MusicalHobbit

the science behind our addiction

Discussion created by MusicalHobbit on Aug 25, 2020
Latest reply on Aug 25, 2020 by Giulia

i found this a little earlier and thought i would share. this is fascinating. it talks about other drugs on this page too but i copied out the nicotine stuff.

not sure if it is due to my asperger's but i find a lot of scientific things very interesting and i love reading about stuff like how the brain works/is effected by things, and lots of other science stuff.

here we go.

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Nicotine in Tobacco
Nicotine imitates the action of a natural neurotransmitter called acetylcholine and binds to a particular type of acetylcholine receptor, known as the nicotinic receptor.

Whether it is acetylcholine or nicotine that binds to this receptor, it responds in the same way: it changes its conformation, which causes its associated ion channel to open for a few milliseconds. This channel then allows sodium ions to enter the neuron, depolarizing the membrane and exciting the cell. Then the channel closes again, and the nicotinic receptor becomes temporarily unresponsive to any neurotransmitters. It is this state of desensitization that is artificially prolonged by continual exposure to nicotine.

Tobacco dependency, which then develops very quickly, arises because nicotinic receptors are present on the neurons of the ventral tegmental area which project their terminations into the nucleus accumbens. In smokers, repeated nicotine stimulation thus increases the amount of dopamine released in the nucleus accumbens. Between cigarettes, however, chronic smokers maintain a high enough concentration of nicotine to deactivate the receptors and slow down their recovery. This is why smokers develop a tolerance to nicotine and experience reduced pleasure from it.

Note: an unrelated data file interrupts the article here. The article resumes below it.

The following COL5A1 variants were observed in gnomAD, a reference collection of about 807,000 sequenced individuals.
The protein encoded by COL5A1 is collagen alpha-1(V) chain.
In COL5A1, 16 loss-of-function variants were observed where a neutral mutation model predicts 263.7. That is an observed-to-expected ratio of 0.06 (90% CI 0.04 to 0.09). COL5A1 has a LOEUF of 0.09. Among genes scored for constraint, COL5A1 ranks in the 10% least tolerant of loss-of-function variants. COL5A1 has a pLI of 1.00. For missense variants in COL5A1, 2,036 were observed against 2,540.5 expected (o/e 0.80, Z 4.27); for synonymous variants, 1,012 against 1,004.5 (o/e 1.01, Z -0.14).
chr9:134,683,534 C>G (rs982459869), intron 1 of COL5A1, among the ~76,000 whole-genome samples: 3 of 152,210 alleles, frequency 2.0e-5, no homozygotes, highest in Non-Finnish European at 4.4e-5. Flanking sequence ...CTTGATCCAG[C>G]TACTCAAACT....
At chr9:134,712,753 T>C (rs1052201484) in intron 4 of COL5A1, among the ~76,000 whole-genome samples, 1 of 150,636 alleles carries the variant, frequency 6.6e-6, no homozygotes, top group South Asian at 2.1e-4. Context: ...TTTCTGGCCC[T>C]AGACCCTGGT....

After a brief period without smoking (a night’s sleep, for example), the baseline concentration of nicotine drops again, and some of the receptors regain their sensitivity. When all these receptors become functional again, cholinergic neurotransmission is raised to an abnormally high level that affects all the cholinergic pathways in the brain. Smokers then experience the agitation and discomfort that leads them to smoke another cigarette.

Another substance in tobacco smoke, not yet clearly identified, inhibits monoamine oxydase B (MAO B), an enzyme that breaks down dopamine after its reuptake. The result is a higher concentration of dopamine in the reward circuit, which also contributes to the smoker’s dependency.

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